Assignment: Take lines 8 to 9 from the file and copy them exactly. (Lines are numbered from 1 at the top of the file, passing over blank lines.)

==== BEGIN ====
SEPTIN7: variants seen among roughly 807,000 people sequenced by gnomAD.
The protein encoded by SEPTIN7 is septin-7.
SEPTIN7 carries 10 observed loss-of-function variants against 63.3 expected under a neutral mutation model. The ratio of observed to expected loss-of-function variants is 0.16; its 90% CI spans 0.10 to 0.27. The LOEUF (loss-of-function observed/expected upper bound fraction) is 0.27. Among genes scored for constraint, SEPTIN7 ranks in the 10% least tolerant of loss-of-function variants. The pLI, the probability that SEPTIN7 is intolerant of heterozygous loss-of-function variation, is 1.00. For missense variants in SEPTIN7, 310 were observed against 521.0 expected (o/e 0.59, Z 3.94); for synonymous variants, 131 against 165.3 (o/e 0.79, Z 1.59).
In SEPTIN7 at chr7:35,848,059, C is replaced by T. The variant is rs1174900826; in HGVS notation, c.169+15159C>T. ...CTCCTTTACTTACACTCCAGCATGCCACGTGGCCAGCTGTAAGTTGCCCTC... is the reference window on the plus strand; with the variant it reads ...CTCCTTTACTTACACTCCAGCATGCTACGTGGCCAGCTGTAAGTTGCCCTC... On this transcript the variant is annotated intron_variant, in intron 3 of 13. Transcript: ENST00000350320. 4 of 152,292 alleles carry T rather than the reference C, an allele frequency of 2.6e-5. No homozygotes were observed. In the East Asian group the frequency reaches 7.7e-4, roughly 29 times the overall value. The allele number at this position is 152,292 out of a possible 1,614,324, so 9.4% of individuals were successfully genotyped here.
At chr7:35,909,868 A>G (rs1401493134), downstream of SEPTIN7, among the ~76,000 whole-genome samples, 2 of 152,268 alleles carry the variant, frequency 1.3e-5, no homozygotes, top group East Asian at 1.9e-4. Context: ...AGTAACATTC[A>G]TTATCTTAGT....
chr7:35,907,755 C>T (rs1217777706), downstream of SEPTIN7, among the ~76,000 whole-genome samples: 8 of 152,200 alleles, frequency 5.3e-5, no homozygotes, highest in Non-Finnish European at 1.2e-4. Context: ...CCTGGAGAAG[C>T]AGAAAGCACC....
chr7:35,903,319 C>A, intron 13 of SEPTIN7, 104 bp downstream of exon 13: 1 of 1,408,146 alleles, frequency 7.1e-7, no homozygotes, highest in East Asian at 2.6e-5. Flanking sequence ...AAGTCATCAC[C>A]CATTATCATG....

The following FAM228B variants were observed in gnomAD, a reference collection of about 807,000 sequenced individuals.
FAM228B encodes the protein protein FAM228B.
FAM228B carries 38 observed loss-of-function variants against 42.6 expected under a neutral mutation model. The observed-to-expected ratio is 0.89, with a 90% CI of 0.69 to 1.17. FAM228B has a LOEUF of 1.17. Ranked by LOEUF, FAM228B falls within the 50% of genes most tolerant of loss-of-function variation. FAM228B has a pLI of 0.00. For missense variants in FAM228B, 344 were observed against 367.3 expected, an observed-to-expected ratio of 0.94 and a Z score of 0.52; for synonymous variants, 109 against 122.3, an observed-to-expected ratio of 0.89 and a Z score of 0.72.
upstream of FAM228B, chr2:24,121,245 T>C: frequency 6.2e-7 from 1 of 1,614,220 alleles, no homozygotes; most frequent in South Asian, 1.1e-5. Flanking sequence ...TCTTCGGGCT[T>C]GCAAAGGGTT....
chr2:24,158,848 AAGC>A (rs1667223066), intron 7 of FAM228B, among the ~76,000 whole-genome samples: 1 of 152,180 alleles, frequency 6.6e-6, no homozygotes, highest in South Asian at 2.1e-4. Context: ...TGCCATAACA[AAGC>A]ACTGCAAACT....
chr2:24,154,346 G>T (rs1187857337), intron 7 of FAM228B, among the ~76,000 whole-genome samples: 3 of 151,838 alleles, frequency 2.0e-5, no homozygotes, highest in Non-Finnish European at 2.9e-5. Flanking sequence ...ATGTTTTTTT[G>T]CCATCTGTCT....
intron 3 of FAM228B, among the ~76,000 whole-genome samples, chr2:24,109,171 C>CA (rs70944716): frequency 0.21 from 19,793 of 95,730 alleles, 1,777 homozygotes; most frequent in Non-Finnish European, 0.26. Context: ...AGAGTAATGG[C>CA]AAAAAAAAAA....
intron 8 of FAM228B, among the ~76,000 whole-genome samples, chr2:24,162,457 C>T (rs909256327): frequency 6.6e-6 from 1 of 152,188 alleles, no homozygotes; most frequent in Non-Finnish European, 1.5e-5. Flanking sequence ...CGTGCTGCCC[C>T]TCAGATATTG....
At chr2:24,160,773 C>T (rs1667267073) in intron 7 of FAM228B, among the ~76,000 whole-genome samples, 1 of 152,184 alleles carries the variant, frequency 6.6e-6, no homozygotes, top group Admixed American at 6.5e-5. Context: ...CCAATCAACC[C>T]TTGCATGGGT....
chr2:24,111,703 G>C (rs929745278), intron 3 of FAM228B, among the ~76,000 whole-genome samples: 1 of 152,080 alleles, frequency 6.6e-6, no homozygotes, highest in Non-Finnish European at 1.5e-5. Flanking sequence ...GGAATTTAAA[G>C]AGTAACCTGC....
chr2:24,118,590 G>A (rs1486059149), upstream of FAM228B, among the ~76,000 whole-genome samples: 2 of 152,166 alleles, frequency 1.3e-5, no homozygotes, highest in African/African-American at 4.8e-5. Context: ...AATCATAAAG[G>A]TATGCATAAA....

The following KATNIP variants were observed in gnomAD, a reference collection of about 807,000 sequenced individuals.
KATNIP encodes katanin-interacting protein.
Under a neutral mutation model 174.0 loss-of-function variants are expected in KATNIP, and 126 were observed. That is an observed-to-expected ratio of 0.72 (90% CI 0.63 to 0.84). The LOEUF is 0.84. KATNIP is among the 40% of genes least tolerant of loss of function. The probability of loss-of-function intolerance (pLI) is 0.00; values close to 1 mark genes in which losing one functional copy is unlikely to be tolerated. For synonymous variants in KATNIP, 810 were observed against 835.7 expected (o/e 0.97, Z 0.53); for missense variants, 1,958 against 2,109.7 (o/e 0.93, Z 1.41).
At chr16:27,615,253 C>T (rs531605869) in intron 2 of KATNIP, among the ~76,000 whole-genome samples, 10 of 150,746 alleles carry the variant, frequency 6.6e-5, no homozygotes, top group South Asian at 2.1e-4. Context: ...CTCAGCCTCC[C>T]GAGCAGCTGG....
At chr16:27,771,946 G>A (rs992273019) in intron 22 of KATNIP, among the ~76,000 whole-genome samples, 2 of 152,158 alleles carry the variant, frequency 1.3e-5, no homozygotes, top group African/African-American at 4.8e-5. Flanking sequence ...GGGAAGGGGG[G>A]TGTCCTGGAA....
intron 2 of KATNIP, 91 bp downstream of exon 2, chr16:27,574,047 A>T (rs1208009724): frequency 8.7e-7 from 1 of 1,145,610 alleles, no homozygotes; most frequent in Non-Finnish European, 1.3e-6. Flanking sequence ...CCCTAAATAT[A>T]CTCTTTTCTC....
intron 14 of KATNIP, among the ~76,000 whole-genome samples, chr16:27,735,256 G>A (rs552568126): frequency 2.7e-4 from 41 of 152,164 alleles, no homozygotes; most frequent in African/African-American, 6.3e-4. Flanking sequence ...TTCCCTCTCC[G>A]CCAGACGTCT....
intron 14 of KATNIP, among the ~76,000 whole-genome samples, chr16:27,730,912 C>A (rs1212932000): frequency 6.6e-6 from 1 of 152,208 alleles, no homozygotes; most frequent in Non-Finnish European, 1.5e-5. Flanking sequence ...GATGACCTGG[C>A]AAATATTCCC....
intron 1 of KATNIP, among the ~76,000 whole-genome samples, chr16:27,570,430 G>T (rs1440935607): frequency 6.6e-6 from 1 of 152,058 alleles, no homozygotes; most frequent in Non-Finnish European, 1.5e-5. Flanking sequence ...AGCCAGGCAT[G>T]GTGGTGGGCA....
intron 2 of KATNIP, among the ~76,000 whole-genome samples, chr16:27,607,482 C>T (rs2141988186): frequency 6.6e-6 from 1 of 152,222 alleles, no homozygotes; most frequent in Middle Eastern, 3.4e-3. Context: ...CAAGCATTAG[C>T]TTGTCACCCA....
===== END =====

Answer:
The following FAM228B variants were observed in gnomAD, a reference collection of about 807,000 sequenced individuals.
FAM228B encodes the protein protein FAM228B.